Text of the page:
Baby’s citizenship

Once the baby is born, the hospital/birth center/health professional will notify the local birth register. They will issue the baby’s birth certificate.

If one of the baby’s official parents is a Czech citizen, the child will automatically get Czech citizenship. If the arrangement is with a Czech surrogate, the infant will be recognized as a Czech citizen. Depending on the intended couple’s origin country rules, the baby might also have a right to dual citizenship.

Additionally, prospective parents should contact their embassy in the Czech Republic and apply for the newborn passport or have him/her written into their passport. 

Eligibility criteria for intended parents 

Surrogacy in the Czech Republic is currently limited to heterosexual couples experiencing infertility. While the legal landscape is evolving, clinics primarily focus on couples with documented medical reasons that prevent them from carrying a pregnancy themselves.

Here are some common medical conditions that may qualify a couple for surrogacy:

  • Congenital or acquired absence of a uterus: This includes women who were born without a uterus (Mayer–Rokitansky–Küster–Hauser syndrome) or those who have had a hysterectomy (surgical removal of the uterus).
  • Functional uterine issues: This can involve conditions like severe endometriosis, scarring, or uterine malformations that prevent a healthy pregnancy.
  • Repeated failed IVF attempts: Couples who have undergone multiple cycles of in vitro fertilization (IVF) without success may be considered.
  • History of miscarriages: A history of recurrent miscarriages can also be a qualifying factor.
  • Medical conditions posing a health risk to the mother: If a medical condition would be life–threatening for the intended mother during pregnancy, surrogacy might be an option.

Additional Requirements

Prospective parents will undergo a medical evaluation to confirm these medical reasons. A qualified physician will then provide a medical certificate. Age limitations and psychological evaluations may also be part of the eligibility criteria set by the clinic.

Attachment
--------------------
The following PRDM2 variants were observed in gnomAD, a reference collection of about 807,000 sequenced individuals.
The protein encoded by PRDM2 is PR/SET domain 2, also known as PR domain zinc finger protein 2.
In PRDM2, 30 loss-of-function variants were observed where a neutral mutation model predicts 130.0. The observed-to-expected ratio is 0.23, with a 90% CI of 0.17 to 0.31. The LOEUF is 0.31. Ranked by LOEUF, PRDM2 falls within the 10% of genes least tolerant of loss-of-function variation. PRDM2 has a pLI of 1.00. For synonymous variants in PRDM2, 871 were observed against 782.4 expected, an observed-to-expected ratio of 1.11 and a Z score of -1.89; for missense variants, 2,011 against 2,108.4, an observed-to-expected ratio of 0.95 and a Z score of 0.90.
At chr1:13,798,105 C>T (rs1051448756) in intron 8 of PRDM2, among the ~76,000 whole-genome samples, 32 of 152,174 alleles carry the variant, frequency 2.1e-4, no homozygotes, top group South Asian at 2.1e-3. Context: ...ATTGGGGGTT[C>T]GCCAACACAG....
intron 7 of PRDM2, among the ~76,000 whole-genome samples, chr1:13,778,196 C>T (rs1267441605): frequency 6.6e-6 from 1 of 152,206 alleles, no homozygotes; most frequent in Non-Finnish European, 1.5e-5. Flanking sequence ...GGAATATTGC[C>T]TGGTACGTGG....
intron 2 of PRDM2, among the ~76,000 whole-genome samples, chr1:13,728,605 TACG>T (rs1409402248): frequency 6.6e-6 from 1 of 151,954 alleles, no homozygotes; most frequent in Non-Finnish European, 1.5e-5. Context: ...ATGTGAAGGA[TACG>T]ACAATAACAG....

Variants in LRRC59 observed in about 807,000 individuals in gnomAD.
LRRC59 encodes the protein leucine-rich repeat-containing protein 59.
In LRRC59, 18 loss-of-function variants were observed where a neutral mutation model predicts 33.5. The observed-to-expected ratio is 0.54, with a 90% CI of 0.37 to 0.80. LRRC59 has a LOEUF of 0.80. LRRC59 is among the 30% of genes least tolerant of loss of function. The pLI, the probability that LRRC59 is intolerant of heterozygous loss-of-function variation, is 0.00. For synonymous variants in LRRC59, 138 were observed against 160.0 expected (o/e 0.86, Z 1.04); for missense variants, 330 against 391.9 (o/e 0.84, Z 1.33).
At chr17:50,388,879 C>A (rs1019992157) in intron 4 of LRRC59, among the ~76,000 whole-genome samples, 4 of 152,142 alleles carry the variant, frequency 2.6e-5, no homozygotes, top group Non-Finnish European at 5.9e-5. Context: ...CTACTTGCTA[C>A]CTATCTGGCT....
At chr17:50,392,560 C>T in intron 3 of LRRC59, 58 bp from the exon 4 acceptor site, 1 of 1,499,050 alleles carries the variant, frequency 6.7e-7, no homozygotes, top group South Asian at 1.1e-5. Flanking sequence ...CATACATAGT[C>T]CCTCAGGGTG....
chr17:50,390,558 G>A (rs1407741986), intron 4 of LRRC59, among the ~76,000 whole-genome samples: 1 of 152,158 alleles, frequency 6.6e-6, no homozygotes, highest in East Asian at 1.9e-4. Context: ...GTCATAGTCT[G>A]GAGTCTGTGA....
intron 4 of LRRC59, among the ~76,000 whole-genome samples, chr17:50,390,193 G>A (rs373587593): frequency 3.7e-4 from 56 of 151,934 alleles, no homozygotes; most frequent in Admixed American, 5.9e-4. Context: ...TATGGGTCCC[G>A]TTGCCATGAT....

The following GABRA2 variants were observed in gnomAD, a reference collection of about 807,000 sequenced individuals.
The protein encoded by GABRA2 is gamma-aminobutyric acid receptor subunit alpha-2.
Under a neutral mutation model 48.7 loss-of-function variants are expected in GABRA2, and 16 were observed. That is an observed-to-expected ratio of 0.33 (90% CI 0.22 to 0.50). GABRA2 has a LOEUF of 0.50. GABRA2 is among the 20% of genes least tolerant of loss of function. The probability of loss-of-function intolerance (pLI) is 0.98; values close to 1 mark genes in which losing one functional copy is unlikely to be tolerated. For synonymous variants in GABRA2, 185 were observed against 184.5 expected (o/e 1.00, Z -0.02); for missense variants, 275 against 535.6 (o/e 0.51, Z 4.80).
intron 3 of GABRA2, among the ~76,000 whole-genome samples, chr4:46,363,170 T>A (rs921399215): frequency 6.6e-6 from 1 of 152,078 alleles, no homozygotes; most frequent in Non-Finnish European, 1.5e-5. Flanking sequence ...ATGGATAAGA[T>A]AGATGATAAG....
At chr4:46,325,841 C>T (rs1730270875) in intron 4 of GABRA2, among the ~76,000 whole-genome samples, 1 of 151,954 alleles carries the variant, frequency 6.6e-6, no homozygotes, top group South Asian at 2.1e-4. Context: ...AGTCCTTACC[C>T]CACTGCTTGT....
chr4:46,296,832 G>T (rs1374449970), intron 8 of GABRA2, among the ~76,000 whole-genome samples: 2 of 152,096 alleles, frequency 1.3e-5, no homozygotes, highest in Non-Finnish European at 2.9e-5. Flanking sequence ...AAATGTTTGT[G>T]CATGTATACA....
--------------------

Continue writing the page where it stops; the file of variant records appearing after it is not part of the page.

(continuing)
Legislation on Egg Donation

Egg donation is legal, altruistic, and completely anonymous in the Czech Republic and subject to strict control. It is a selfless act, and donors are not financially compensated beyond reimbursement for donation–related expenses.

Women between 18 and 35 years old can apply to become egg donors. However, most clinics set a lower age limit, typically 32 or 33. Each donor applicant undergoes the comprehensive medical and psychological screening process, which follows European Parliament and European Council Directive 2004/23/ES and Act No. 296/2008 and Regulation 422/2008 and includes:

  • Psychological Interview: This assesses a donor’s suitability for the emotional aspects of donation.
  • Medical Evaluation: This involves a physical examination, ultrasound scan, and blood tests. Blood tests check for sexually transmitted diseases, hormones, blood type, and Rh factor.
  • Genetic Screening: This may include karyotyping, genetic compatibility testing, and screening for specific genetic conditions.

Only after completing all evaluations (medical and psychological) can a woman be approved as an egg donor.

Depending on the clinic’s decision, the basic characteristics of the donor (age, appearance, blood type) may be revealed to the couple.

Czech Law on Sperm Donation

Sperm donation in the Czech Republic follows a strict legal framework that adheres to European Union (EU) directives. These directives, 2004/23/EC and 2006/17/EC are mandatory for all member states. Additionally, Czech law implements even stricter regulations through Act No. 296/2008 Coll. on Safeguarding the Quality and Safety of Human Cells and Decree No. 422/2008 Coll.

Sperm donation is a legal and entirely voluntary act. Donors are men between 18 and 40 years old and in good health with normal fertility; their identities are anonymous to recipients and any offspring. Financial compensation is prohibited, but reimbursement for donation–related expenses is allowed.

Prospective donors undergo a thorough screening process to ensure physical and genetic suitability. This includes:

  • Undergo medical and psychological evaluation. 
  • Produce high–quality semen as confirmed by analysis.